Flooring (DIY) – Lower quality engineered wood or decent quality laminate?

Home Forum Chat Forum Flooring (DIY) – Lower quality engineered wood or decent quality laminate?

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  • Flooring (DIY) – Lower quality engineered wood or decent quality laminate?
  • zeesaffa
    Member

    Please help me make a decision 🙂

    Not sure what to go for at around £30 p/m2.

    There are some online retailers with engineered wood on discount sale with wood wear layer of about 2.5mm > 3.5mm thickness.

    Or do I go for a decent quality laminate at that price?

    It’s going in living room. Above average traffic for a living room because of 2 young kids and doors leading out into garden.

    Also, what are your thoughts on fiberboard underlay 5.5mm?

    Opinions appreciated!

    At £30 per sq metre you’re spoilt for choice of good quality engineered. No need to go for laminate at that price.

    http://www.flooringsupplies.co.uk/engineered-wood-flooring

    joolsburger
    Member

    I got solid oak for that kind of money 2m long, 220mm wide planks, oiled and hand scraped, it looks lovely and has worn really well. Needs re-oiling about every 2 years which takes a few hours and a day to dry. Mines glued to a 10mm plywood subfloor and goes under the skirting which was removed for fitting. I used UK Flooring Direct and they were excellent. For the record 3 dogs, 2 kids its 8 years old and still looks pretty much like new even in the hall. I’d strongly recommend oiled as it’s far, far easier to maintain than lacquer especially if it gets scratched, quick sand of the scratch if it’s deep, re oil and it’s gone.

    I’d strongly recommend oiled as it’s far, far easier to maintain than lacquer especially if it gets scratched, quick sand of the scratch if it’s deep, re oil and it’s gone.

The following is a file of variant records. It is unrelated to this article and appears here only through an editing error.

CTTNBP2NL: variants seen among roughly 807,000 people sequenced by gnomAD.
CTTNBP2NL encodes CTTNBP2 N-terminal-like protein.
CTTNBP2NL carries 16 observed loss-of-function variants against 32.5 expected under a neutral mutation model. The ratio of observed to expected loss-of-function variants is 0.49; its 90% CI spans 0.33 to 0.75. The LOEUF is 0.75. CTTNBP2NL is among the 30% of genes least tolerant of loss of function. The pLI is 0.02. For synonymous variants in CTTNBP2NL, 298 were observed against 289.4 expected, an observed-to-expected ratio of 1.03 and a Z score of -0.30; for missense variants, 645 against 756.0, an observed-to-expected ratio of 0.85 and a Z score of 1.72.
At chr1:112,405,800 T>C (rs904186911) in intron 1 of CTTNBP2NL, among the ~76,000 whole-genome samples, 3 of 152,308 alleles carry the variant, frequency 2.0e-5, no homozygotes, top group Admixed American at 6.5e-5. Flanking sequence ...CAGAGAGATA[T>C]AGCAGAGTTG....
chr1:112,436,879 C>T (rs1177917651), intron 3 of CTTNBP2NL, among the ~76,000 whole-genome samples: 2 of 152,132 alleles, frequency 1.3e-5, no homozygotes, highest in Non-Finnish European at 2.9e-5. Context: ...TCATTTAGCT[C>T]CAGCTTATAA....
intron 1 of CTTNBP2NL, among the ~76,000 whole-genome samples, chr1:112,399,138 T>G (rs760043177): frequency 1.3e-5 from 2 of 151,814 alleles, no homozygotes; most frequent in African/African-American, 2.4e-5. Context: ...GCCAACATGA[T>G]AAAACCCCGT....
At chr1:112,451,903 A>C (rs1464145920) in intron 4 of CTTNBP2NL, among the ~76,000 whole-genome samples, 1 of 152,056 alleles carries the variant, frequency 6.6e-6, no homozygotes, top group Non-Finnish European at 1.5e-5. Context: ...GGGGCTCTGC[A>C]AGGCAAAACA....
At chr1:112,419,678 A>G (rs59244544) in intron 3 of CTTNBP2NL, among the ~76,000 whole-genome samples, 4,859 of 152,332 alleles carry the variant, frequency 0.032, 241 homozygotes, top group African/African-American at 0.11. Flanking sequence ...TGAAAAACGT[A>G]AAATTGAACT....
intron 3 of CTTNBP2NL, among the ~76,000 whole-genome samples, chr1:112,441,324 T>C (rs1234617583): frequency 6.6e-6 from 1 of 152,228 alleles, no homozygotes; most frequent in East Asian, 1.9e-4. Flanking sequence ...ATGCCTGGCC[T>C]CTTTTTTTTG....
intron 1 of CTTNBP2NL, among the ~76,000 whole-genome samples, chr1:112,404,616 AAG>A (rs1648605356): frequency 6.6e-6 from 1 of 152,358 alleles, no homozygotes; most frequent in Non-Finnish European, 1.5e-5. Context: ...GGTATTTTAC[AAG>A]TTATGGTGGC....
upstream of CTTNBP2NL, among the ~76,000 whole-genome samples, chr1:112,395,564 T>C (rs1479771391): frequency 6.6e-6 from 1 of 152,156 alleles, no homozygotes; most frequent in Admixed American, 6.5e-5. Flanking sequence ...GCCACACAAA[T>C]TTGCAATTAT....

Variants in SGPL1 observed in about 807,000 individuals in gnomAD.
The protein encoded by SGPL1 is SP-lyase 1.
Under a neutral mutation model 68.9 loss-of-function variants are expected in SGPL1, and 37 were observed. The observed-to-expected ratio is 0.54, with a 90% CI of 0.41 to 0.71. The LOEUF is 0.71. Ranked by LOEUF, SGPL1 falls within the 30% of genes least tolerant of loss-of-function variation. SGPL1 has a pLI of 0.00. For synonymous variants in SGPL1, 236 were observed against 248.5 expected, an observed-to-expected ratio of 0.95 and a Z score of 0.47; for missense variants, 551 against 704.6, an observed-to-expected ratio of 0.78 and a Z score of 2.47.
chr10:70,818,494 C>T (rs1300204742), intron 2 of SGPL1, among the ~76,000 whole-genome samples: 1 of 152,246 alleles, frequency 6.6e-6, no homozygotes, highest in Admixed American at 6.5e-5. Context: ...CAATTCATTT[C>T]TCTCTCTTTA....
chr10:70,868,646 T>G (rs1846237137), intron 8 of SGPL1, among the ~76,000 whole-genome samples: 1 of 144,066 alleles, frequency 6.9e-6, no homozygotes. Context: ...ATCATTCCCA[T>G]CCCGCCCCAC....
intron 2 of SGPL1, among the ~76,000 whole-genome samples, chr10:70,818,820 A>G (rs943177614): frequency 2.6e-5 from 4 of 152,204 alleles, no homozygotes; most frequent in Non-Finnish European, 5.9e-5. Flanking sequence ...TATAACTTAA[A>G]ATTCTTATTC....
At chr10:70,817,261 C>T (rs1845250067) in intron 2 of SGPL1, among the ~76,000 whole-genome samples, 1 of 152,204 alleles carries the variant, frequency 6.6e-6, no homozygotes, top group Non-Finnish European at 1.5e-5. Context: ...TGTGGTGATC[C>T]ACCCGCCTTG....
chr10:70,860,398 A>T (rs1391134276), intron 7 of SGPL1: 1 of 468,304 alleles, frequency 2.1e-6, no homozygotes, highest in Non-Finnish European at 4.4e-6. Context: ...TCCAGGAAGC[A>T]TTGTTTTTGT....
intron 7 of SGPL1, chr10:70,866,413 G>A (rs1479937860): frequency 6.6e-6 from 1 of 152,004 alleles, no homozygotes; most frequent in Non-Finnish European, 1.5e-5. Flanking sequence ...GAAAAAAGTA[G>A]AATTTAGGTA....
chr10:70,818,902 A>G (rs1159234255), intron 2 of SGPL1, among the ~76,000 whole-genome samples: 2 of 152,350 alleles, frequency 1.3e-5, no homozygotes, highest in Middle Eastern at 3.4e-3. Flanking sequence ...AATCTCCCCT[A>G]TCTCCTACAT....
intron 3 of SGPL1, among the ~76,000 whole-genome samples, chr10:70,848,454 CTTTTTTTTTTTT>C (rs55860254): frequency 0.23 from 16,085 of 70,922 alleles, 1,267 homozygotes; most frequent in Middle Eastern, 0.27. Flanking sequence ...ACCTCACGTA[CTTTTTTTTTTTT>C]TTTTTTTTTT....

This! Just wipe an oily rag over any scratches and it’ll eventually gain a lovely patina.

    zeesaffa
    Member

    Thanks all!

    I had been advised to go lacquered for the protection but now that you’ve suggested that about oiled I’ll have to rethink that 🙂

    Thanks again!

    zeesaffa
    Member

    I’ve been reading up a bit more on oil vs lacquered – and oil is definitely the way forward.
    Scratches don’t show up as much because the oil penetrates the surface – and when they do show up then (as you suggested above) – a light sand and wipe of that board with oil sorts it out.
    Lacquered is a bit more hard-wearing but when it does scratch or wear out over time – the floor starts to look bad.
    Also, oil has a nicer more natural look to it.

    That’s how I now understand it.

    Good thing you guys pointed that out and I didn’t just have the advice from the wood flooring “specialist”.

    Given the choice of oiled or lacquered I would choose oiled every time.
    Looks more natural, more easily “repaired”, not so slippery, should never need sanding as it gets older; it’ll just develop a patina.

    Premier Icon Kryton57
    Subscriber

    How much do you need? I’ve 5m2 boxed unopened of this in the garage you can have for £100.

    dyna-ti
    Member

    Real wood, engineered or other, is 100x better than that plastic coated high density laminate stuff.

    Its just horrid to walk or kneel on.
    Easy to clean though, if youre a messy type.

    joolsburger
    Member

    As I said nice oiled oak looks lovely and properly looked after with oil it darkens a little with age but takes on a nice sheen. I found some options at wood floors direct for 34 psm yesterday.j

    craig24
    Member

    Which thickness underlay are you all using? I’ve been looking at this recently and the free stuff they chuck in is only 2mm?

    Premier Icon bearnecessities
    Subscriber

    Quite happy I was with the 10mm laminated stuff I was going to buy, but no, you lot now have to drag me into a world of inevitable research and procrastination…

    joolsburger
    Member

    The proper way to do it depends on the floor. I have planks in a Victorian house so my bloke laid a 10mm floating ply underfloor on those so he could run the floor the same way as the planks then glued 18mm oak boards to that, its been perfect. I remember the glue was eye wateringly expensive.

    Premier Icon chickenman
    Subscriber

    Except, Joolsburger, in that scenario I’d have nailed it straight down without the need for a subfloor (maybe the odd shim if the old floor is really wonky): No mess, no expensive glue, no ply and done in a fraction of the time.

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